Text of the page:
Cigarette smoking is one of the most significant risk factors for stroke
Nearly 800,000 people in the U.S. have a stroke each year. Most are “ischemic,” caused by a blockage of blood flow in the brain, and about 10% are “hemorrhagic,” occurring when a blood vessel in the brain ruptures or leaks.
A stroke results in the interruption of blood flow in an area of the brain which causes the brain tissue to die from a lack of oxygen and nutrients.
After an acute stroke, SPECT depicts the area of the stroke with greater accuracy than either CT or MRI. On SPECT, a stroke appears as an area of significantly decreased or absent activity (blood flow) in the brain. SPECT is often helpful in the evaluation and management of cerebral vascular disease, which is an underlying cause of stroke.
Case Study: Left-sided Stroke
One day at age 63, Ellen was suddenly paralyzed on the right side of her body. Unable to even speak, she was in a panic and her family was extremely concerned. As drastic as these symptoms were, two hours after the event her CT scan was normal. Suspecting a stroke, the emergency room physician ordered a brain SPECT study. It showed an absence of activity in the left frontal and temporal lobes caused by a clot that had choked off the blood supply to these parts of her brain.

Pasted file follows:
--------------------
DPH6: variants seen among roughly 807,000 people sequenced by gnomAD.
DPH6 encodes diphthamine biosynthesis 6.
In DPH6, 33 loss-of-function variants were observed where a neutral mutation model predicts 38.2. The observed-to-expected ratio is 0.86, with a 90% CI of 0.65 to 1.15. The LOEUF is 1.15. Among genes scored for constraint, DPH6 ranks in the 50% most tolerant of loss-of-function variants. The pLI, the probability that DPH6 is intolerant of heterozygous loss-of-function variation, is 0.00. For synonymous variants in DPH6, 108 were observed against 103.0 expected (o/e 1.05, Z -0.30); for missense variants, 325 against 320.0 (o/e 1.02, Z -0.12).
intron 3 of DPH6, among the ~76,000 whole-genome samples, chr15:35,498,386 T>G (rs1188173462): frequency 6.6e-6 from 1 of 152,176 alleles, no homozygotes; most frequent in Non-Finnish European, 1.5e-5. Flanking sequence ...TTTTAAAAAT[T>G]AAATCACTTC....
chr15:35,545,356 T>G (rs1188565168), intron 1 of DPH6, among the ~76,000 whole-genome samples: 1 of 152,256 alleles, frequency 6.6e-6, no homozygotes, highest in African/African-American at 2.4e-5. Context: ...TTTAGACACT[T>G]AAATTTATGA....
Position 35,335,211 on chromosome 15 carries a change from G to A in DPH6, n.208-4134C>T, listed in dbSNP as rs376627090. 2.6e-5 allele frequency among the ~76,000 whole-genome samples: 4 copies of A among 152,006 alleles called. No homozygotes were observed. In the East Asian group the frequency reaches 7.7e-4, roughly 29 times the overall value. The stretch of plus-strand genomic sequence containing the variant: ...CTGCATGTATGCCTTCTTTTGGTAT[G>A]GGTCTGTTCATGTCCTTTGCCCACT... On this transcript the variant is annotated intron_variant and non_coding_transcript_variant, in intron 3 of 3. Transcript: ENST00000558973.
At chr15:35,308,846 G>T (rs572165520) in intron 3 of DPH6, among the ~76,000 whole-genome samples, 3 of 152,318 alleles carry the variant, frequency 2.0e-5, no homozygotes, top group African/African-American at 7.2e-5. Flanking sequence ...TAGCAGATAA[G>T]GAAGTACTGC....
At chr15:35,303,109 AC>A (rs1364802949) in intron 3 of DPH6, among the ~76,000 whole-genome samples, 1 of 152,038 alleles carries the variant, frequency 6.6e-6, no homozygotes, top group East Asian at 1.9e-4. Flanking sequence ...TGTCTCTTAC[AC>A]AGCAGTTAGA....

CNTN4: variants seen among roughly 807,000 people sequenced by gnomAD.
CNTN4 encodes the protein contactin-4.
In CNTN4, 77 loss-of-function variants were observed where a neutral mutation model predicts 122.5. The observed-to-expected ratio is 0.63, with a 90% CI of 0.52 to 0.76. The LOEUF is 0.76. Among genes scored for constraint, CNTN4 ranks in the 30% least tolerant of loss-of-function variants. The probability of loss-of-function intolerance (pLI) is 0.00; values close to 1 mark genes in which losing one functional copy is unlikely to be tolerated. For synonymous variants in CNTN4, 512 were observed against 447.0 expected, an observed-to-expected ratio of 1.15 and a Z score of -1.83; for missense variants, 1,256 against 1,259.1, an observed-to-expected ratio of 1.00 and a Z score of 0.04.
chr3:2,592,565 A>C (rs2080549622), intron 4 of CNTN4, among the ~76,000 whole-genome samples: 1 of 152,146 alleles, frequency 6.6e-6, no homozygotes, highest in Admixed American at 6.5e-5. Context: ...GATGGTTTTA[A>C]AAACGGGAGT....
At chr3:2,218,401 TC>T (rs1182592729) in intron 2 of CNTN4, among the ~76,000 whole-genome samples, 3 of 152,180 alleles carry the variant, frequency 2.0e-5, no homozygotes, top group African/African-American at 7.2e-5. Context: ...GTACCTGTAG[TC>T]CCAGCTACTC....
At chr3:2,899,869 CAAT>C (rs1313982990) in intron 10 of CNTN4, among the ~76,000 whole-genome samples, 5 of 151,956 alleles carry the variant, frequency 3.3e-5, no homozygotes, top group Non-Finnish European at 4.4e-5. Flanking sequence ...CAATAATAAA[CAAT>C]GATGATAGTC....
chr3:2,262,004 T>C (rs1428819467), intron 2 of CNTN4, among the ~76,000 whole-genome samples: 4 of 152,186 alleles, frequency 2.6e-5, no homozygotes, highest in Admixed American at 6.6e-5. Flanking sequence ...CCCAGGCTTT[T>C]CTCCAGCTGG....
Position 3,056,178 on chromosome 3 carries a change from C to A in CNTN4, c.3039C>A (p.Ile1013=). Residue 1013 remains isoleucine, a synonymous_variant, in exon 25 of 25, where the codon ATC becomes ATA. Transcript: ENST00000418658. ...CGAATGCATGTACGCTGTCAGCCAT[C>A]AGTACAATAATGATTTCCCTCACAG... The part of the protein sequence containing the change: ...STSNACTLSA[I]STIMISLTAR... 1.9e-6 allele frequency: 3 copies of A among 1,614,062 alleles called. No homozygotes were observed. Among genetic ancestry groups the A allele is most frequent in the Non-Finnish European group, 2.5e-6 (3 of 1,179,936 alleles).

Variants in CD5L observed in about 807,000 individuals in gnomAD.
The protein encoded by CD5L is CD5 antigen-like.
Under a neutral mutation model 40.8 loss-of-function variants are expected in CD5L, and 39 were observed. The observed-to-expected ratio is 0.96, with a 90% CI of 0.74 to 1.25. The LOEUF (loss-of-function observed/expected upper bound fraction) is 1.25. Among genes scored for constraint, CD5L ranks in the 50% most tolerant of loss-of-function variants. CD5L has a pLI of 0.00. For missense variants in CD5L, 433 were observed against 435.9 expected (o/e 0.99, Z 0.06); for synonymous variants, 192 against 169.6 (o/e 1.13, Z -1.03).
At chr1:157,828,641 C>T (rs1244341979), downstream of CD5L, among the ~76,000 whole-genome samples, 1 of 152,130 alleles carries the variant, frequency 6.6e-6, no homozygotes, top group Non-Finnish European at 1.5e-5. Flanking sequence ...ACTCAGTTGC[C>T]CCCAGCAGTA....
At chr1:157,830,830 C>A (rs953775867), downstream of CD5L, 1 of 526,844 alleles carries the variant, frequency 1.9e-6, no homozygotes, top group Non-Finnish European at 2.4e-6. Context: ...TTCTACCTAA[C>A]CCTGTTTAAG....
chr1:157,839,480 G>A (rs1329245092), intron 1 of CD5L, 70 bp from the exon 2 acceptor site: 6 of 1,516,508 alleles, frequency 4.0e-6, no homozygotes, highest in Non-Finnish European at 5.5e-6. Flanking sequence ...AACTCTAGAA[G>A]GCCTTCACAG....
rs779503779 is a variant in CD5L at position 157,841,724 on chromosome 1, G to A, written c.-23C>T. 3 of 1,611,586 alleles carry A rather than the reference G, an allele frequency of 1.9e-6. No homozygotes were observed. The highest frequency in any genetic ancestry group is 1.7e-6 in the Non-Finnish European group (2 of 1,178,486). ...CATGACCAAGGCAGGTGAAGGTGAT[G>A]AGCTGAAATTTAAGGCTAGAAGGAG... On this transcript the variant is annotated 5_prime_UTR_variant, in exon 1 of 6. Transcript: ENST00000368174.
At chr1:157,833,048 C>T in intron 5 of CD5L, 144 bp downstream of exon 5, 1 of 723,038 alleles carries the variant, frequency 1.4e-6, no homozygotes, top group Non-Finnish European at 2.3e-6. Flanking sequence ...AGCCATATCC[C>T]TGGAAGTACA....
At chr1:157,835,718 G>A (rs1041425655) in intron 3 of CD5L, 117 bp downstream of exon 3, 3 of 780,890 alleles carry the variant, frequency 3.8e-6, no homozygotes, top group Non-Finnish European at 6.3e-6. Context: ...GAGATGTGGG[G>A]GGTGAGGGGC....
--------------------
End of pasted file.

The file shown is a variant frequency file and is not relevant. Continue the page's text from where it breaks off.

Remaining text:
From this information, it was clear that a stroke had occurred and her doctors were able to take measures to limit the extent of the damage. Ellen was a cigarette smoker; smoking is a risk factor for stroke.
Case Study: Right-sided Stroke
Sarah, 15-year-old female born with viral encephalitis, which caused severe decreased activity in the prefrontal cortex and temporal lobes.